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 When family businesses spread their wings

 

 Family businesses have an excellent reputation amongst entrepreneurs, and for good reason – they are robust and agile, and can achieve near miracles – rising from kitchens and garages into larger businesses operating in central business districts.

However, according to Christo Botes, executive director of Business Partners (BUSINESS/PARTNERS), family owned businesses also face very specific challenges which founders need to be aware of. “The firm grip of a family, that is so vital to the survival of a business in its early years, can easily turn into a stranglehold later on.”

Botes mentions that it is surprising how many clients with bright business prospects have experienced difficulty due to family feuds arising from the demands of a growing company.

“Typically, the collection of skills and attitudes within a family do not change in tandem with the skills necessary for a growing business. At some stage, the family has to bring in expertise from outside to supplement or even replace their own skills, and this can be a risky process which may lead to tension.”

It is however possible to manage correctly, and Botes says when a family business gets it right, the enterprise can soar to new heights, surpassing even those envisioned by the founders. He points to Megatron, a family business started in 1999 in the East Rand in Johannesburg that grew from a small family-owned sheet-metal firm to a corporate electrical engineering giant due to its ability and willingness to embrace change.

Dedreich Otto and his son, Ryan, started out by making sheet-metal boxes for electrical units, but were soon making the units that went into the boxes. What followed was an overwhelming growth trajectory which nearly doubled every year as they expanded the business and developed new products. In 2007, the listed electronics company Ellies bought Megatron, allowing Dedreich to retire and Ryan to move up into the corporate structure of Ellies as an executive director.

Botes says that the arrival of non-family professionals in a family run business can be perceived as a threat to the expectations and career path of family members working in the business, especially the offspring of the founders who often expect to take over from their parents. Similarly, a non-family member may view a family member in the business as a threat to their own advancement in the business.”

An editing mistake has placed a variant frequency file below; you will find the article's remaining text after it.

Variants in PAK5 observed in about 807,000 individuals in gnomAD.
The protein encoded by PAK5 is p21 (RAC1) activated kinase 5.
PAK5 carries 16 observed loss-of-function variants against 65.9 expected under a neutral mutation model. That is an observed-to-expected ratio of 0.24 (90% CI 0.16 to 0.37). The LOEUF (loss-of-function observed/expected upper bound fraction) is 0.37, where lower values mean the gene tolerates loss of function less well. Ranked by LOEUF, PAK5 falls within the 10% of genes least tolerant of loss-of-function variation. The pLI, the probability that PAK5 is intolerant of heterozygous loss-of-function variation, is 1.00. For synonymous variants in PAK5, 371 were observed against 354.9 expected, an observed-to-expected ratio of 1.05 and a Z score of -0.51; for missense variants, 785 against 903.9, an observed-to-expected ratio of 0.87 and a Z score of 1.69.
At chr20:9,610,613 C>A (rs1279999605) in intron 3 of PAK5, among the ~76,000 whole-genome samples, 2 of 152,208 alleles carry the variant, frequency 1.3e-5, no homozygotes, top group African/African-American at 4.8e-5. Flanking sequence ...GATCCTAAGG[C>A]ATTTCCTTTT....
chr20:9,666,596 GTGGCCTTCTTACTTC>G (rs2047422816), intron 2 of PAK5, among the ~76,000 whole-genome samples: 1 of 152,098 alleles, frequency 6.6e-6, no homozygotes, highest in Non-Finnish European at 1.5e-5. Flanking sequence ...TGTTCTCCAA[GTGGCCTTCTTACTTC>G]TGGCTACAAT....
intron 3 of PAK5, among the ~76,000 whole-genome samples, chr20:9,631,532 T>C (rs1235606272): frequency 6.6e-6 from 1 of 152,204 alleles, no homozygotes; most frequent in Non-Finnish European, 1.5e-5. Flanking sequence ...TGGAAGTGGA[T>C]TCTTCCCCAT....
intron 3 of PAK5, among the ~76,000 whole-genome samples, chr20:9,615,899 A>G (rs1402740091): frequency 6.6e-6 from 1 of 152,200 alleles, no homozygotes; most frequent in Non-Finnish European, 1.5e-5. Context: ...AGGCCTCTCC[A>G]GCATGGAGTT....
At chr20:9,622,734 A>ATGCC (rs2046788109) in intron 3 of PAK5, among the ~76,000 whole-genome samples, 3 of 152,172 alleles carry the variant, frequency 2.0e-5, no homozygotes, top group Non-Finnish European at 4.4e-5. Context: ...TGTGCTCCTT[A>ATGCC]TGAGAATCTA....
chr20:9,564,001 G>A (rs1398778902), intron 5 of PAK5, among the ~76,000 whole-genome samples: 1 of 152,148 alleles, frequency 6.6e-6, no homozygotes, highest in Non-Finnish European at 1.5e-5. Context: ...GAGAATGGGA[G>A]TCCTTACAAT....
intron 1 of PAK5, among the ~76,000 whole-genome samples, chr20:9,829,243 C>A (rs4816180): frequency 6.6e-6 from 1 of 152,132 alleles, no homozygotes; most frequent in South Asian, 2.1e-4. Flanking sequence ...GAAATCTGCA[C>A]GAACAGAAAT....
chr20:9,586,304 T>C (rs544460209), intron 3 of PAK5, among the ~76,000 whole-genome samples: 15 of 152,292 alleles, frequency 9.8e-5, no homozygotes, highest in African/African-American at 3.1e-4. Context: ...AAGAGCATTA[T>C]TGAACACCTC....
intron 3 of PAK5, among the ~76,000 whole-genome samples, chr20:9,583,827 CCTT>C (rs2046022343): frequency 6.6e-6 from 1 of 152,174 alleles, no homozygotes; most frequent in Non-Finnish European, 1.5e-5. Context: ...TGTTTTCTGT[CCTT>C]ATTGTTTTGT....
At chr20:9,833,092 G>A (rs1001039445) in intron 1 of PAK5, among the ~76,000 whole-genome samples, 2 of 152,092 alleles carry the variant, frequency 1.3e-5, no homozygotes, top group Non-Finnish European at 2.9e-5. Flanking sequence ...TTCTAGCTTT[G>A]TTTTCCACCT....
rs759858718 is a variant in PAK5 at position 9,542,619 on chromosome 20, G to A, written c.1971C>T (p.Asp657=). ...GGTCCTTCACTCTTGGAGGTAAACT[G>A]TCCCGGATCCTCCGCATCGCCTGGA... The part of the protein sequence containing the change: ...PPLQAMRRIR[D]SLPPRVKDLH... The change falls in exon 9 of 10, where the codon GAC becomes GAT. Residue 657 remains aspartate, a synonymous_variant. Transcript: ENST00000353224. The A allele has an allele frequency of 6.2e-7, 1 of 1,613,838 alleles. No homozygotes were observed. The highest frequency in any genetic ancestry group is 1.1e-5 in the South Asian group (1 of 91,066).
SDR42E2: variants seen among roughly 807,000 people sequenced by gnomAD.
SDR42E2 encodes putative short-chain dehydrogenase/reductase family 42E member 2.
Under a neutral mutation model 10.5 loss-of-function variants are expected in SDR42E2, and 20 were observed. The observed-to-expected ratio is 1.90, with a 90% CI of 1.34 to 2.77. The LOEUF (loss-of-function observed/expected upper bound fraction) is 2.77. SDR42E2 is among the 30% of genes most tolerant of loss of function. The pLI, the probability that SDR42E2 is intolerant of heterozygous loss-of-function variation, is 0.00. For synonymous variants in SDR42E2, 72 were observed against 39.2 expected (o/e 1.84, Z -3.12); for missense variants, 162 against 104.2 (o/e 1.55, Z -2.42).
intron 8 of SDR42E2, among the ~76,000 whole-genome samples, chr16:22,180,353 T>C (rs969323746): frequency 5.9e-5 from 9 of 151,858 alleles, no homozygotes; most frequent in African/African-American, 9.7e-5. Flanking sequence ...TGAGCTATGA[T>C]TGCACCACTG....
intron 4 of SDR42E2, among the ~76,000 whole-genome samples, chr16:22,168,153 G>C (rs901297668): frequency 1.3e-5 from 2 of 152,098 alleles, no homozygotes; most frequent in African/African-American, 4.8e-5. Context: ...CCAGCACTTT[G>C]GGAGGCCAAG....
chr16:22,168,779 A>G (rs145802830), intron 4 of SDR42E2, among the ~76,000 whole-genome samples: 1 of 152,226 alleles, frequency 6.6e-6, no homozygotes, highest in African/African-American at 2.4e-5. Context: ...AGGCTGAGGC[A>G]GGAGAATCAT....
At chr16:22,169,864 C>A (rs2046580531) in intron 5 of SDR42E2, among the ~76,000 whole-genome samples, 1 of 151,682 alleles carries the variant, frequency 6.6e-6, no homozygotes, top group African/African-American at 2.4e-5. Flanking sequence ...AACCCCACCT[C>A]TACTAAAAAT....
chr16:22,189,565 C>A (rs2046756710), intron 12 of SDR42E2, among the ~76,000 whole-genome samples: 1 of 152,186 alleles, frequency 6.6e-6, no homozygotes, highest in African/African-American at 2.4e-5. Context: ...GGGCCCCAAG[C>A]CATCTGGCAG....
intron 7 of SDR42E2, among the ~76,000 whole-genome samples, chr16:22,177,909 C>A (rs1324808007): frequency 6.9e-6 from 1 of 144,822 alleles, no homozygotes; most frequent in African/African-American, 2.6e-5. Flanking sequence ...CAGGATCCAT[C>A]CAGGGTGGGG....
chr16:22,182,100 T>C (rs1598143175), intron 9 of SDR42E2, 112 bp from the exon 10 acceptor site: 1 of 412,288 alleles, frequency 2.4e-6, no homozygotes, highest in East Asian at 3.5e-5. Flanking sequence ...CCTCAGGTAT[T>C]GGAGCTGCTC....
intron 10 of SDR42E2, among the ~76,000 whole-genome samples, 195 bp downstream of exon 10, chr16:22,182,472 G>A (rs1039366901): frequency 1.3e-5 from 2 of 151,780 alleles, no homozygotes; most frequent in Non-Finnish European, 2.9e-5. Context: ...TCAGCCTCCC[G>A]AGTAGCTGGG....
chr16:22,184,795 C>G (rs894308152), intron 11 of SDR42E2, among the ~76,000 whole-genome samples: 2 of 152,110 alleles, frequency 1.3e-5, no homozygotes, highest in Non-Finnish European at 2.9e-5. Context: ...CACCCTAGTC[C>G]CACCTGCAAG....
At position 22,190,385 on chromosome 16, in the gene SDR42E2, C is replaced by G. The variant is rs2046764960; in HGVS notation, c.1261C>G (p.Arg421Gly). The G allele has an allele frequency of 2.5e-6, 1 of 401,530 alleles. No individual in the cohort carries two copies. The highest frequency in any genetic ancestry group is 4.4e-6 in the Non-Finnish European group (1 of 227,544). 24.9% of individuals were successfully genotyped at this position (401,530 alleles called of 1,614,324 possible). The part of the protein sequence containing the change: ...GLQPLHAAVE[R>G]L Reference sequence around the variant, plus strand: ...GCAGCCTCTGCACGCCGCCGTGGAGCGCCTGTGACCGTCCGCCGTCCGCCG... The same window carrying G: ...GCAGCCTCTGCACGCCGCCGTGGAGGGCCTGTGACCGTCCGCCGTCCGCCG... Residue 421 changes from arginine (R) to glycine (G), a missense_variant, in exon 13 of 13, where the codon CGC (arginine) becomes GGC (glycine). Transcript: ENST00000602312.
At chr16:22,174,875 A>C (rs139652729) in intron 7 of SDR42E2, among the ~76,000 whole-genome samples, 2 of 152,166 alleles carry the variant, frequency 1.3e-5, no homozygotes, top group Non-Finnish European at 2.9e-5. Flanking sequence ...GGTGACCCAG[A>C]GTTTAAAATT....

Botes says firm leadership is required from both the founders and the non-family managers. “It is important for the business founders to employ the right managers. Anyone brought in from outside should share the same values as the founders and they should actually be more skilled in their area of expertise than the founders. Once the decision is made, the founders should respect this, otherwise they will not be able to retain the outside talent with which they hope to grow the business.”

In terms of children taking over the family business, Botes says that it is crucial for the founders of family businesses to clarify the expectations, ambitions, skills and potential of their children in the business. “Expecting your children to take over the business when you step aside when they don’t want to is often a fatal mistake few businesses survive.

“Similar, the children of the founders cannot expect to walk into a management job just because of their family status. They should use the early years in the business to prepare the future leaders with external and on-the-job training, and working their way up through the ranks.”

Botes acknowledges that it is difficult for family members to impartially judge the merits of their relations, and recommends hiring an impartial outsider to evaluate the business needs as there are many ways a family-owned business can continue thriving without necessarily being run by a family member. “Some families step back entirely and appoint a professional board of directors to ensure the business is managed well.

“For example, Boplaas, a farm in the Western Cape, which, as the oldest family business in South Africa, is bringing in the ninth generation of Van der Merwes. The business has evolved into a highly modern agricultural corporation in which almost every family member can find career fulfillment should they want to. At the same time, the business continues to benefit from committed individuals who are steeped in the ethos that makes the family business so successful,” concludes Botes.


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